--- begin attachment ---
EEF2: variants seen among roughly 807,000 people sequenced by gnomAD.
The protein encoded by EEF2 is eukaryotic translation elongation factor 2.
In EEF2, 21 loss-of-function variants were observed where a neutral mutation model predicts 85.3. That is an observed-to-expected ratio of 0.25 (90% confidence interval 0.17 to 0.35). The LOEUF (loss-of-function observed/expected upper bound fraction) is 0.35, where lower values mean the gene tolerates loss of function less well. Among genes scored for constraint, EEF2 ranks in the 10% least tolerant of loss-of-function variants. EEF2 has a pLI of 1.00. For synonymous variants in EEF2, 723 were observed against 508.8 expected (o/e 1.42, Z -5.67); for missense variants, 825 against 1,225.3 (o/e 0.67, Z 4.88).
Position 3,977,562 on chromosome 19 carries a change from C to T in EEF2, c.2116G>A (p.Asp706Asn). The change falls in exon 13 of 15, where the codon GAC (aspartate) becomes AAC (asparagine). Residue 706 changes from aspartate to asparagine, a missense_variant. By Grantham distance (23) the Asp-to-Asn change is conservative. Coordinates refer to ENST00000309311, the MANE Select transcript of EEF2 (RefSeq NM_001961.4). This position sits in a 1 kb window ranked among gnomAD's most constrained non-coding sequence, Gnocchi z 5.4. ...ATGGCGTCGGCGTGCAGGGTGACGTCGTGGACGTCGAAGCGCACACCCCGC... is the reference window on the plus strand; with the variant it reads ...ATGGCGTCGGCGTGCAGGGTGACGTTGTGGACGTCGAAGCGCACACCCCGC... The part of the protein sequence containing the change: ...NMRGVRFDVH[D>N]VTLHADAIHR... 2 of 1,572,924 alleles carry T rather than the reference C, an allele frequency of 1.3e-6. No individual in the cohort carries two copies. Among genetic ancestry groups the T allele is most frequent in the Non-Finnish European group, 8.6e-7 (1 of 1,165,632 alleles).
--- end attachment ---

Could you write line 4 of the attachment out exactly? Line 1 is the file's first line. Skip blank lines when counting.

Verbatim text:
Position 3,977,562 on chromosome 19 carries a change from C to T in EEF2, c.2116G>A (p.Asp706Asn). The change falls in exon 13 of 15, where the codon GAC (aspartate) becomes AAC (asparagine). Residue 706 changes from aspartate to asparagine, a missense_variant. By Grantham distance (23) the Asp-to-Asn change is conservative. Coordinates refer to ENST00000309311, the MANE Select transcript of EEF2 (RefSeq NM_001961.4). This position sits in a 1 kb window ranked among gnomAD's most constrained non-coding sequence, Gnocchi z 5.4. ...ATGGCGTCGGCGTGCAGGGTGACGTCGTGGACGTCGAAGCGCACACCCCGC... is the reference window on the plus strand; with the variant it reads ...ATGGCGTCGGCGTGCAGGGTGACGTTGTGGACGTCGAAGCGCACACCCCGC... The part of the protein sequence containing the change: ...NMRGVRFDVH[D>N]VTLHADAIHR... 2 of 1,572,924 alleles carry T rather than the reference C, an allele frequency of 1.3e-6. No individual in the cohort carries two copies. Among genetic ancestry groups the T allele is most frequent in the Non-Finnish European group, 8.6e-7 (1 of 1,165,632 alleles).